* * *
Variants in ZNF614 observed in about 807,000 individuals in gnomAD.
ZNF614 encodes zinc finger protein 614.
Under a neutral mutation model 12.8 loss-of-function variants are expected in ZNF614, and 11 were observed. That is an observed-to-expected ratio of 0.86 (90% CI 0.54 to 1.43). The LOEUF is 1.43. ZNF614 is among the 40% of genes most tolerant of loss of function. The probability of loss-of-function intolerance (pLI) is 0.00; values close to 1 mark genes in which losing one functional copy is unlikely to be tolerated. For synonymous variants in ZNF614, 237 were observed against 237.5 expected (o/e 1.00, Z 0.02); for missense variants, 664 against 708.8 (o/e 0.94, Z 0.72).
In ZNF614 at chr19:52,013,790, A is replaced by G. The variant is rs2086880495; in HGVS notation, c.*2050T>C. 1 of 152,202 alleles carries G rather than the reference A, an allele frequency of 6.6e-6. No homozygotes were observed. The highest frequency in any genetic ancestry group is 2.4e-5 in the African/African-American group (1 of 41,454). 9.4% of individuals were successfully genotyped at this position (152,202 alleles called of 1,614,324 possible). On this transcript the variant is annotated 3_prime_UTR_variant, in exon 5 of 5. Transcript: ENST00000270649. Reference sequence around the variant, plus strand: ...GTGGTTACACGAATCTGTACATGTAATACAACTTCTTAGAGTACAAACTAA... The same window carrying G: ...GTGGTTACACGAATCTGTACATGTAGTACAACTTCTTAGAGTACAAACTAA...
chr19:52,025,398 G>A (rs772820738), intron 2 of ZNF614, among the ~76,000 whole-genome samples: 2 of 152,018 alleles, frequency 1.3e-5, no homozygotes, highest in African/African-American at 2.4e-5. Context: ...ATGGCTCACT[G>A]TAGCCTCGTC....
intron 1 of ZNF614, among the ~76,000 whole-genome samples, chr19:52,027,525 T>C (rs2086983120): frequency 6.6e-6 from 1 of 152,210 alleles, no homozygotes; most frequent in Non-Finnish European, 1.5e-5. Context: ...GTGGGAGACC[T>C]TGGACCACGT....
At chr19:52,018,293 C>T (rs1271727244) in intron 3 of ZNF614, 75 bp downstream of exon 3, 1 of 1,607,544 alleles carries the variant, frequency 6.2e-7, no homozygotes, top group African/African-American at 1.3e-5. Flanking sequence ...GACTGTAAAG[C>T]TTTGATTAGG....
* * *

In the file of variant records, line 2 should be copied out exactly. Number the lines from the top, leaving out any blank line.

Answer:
ZNF614 encodes zinc finger protein 614.